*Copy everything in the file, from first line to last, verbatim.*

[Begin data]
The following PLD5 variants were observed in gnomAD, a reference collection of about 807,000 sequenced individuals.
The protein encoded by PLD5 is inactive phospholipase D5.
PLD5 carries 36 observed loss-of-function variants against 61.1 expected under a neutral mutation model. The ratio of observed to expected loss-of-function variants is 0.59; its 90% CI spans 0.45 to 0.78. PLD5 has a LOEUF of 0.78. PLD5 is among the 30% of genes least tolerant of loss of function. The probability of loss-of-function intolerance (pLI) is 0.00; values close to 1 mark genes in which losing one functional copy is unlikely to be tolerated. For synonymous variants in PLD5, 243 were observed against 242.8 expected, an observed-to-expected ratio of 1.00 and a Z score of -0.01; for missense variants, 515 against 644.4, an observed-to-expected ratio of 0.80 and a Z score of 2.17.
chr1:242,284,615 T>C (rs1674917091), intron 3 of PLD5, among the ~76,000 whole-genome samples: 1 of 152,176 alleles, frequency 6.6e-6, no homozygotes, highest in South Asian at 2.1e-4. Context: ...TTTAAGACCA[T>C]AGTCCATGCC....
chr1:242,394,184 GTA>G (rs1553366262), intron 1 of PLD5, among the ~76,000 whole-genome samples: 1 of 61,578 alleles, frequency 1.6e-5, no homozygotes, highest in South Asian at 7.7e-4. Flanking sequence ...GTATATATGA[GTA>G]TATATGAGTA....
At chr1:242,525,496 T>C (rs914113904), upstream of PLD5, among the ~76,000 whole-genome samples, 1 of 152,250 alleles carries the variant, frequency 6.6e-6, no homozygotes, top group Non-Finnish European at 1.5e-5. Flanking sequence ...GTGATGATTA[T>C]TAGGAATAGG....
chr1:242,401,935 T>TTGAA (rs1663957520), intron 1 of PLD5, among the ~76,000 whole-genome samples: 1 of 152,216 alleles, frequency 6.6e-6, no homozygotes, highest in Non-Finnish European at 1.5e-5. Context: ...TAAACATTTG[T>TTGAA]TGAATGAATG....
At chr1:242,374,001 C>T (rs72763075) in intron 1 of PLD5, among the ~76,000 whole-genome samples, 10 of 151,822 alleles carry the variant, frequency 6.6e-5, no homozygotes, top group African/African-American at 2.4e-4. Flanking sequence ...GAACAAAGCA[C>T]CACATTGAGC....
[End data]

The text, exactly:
The following PLD5 variants were observed in gnomAD, a reference collection of about 807,000 sequenced individuals.
The protein encoded by PLD5 is inactive phospholipase D5.
PLD5 carries 36 observed loss-of-function variants against 61.1 expected under a neutral mutation model. The ratio of observed to expected loss-of-function variants is 0.59; its 90% CI spans 0.45 to 0.78. PLD5 has a LOEUF of 0.78. PLD5 is among the 30% of genes least tolerant of loss of function. The probability of loss-of-function intolerance (pLI) is 0.00; values close to 1 mark genes in which losing one functional copy is unlikely to be tolerated. For synonymous variants in PLD5, 243 were observed against 242.8 expected, an observed-to-expected ratio of 1.00 and a Z score of -0.01; for missense variants, 515 against 644.4, an observed-to-expected ratio of 0.80 and a Z score of 2.17.
chr1:242,284,615 T>C (rs1674917091), intron 3 of PLD5, among the ~76,000 whole-genome samples: 1 of 152,176 alleles, frequency 6.6e-6, no homozygotes, highest in South Asian at 2.1e-4. Context: ...TTTAAGACCA[T>C]AGTCCATGCC....
chr1:242,394,184 GTA>G (rs1553366262), intron 1 of PLD5, among the ~76,000 whole-genome samples: 1 of 61,578 alleles, frequency 1.6e-5, no homozygotes, highest in South Asian at 7.7e-4. Flanking sequence ...GTATATATGA[GTA>G]TATATGAGTA....
At chr1:242,525,496 T>C (rs914113904), upstream of PLD5, among the ~76,000 whole-genome samples, 1 of 152,250 alleles carries the variant, frequency 6.6e-6, no homozygotes, top group Non-Finnish European at 1.5e-5. Flanking sequence ...GTGATGATTA[T>C]TAGGAATAGG....
chr1:242,401,935 T>TTGAA (rs1663957520), intron 1 of PLD5, among the ~76,000 whole-genome samples: 1 of 152,216 alleles, frequency 6.6e-6, no homozygotes, highest in Non-Finnish European at 1.5e-5. Context: ...TAAACATTTG[T>TTGAA]TGAATGAATG....
At chr1:242,374,001 C>T (rs72763075) in intron 1 of PLD5, among the ~76,000 whole-genome samples, 10 of 151,822 alleles carry the variant, frequency 6.6e-5, no homozygotes, top group African/African-American at 2.4e-4. Flanking sequence ...GAACAAAGCA[C>T]CACATTGAGC....